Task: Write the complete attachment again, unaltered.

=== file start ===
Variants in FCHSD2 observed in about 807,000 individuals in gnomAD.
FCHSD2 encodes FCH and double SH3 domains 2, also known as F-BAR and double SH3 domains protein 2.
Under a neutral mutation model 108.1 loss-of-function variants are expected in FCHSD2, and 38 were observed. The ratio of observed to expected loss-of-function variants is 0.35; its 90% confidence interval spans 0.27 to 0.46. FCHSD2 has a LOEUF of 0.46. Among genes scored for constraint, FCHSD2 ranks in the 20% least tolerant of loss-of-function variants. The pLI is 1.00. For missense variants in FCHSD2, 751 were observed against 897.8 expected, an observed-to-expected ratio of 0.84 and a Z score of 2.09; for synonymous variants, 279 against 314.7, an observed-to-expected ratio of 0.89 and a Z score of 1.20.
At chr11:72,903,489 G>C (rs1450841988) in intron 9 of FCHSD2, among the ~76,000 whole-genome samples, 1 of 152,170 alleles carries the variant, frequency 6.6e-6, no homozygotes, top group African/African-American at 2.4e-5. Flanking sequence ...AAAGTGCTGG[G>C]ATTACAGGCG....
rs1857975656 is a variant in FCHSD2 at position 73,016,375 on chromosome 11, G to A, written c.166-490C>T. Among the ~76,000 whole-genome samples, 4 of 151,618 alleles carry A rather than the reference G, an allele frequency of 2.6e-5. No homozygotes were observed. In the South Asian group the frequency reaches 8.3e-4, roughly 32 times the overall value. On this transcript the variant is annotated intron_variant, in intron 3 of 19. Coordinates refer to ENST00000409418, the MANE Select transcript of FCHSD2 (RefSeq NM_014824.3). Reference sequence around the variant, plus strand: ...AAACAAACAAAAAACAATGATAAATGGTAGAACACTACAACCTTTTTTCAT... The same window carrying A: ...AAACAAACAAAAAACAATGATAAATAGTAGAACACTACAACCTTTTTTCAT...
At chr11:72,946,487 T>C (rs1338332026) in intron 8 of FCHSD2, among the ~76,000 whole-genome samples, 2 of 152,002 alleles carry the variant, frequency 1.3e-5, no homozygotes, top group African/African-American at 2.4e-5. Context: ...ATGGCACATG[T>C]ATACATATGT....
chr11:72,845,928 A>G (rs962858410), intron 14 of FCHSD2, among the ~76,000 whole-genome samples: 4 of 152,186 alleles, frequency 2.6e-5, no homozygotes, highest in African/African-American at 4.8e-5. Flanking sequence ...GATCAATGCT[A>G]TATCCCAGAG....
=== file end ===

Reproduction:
Variants in FCHSD2 observed in about 807,000 individuals in gnomAD.
FCHSD2 encodes FCH and double SH3 domains 2, also known as F-BAR and double SH3 domains protein 2.
Under a neutral mutation model 108.1 loss-of-function variants are expected in FCHSD2, and 38 were observed. The ratio of observed to expected loss-of-function variants is 0.35; its 90% confidence interval spans 0.27 to 0.46. FCHSD2 has a LOEUF of 0.46. Among genes scored for constraint, FCHSD2 ranks in the 20% least tolerant of loss-of-function variants. The pLI is 1.00. For missense variants in FCHSD2, 751 were observed against 897.8 expected, an observed-to-expected ratio of 0.84 and a Z score of 2.09; for synonymous variants, 279 against 314.7, an observed-to-expected ratio of 0.89 and a Z score of 1.20.
At chr11:72,903,489 G>C (rs1450841988) in intron 9 of FCHSD2, among the ~76,000 whole-genome samples, 1 of 152,170 alleles carries the variant, frequency 6.6e-6, no homozygotes, top group African/African-American at 2.4e-5. Flanking sequence ...AAAGTGCTGG[G>C]ATTACAGGCG....
rs1857975656 is a variant in FCHSD2 at position 73,016,375 on chromosome 11, G to A, written c.166-490C>T. Among the ~76,000 whole-genome samples, 4 of 151,618 alleles carry A rather than the reference G, an allele frequency of 2.6e-5. No homozygotes were observed. In the South Asian group the frequency reaches 8.3e-4, roughly 32 times the overall value. On this transcript the variant is annotated intron_variant, in intron 3 of 19. Coordinates refer to ENST00000409418, the MANE Select transcript of FCHSD2 (RefSeq NM_014824.3). Reference sequence around the variant, plus strand: ...AAACAAACAAAAAACAATGATAAATGGTAGAACACTACAACCTTTTTTCAT... The same window carrying A: ...AAACAAACAAAAAACAATGATAAATAGTAGAACACTACAACCTTTTTTCAT...
At chr11:72,946,487 T>C (rs1338332026) in intron 8 of FCHSD2, among the ~76,000 whole-genome samples, 2 of 152,002 alleles carry the variant, frequency 1.3e-5, no homozygotes, top group African/African-American at 2.4e-5. Context: ...ATGGCACATG[T>C]ATACATATGT....
chr11:72,845,928 A>G (rs962858410), intron 14 of FCHSD2, among the ~76,000 whole-genome samples: 4 of 152,186 alleles, frequency 2.6e-5, no homozygotes, highest in African/African-American at 4.8e-5. Flanking sequence ...GATCAATGCT[A>G]TATCCCAGAG....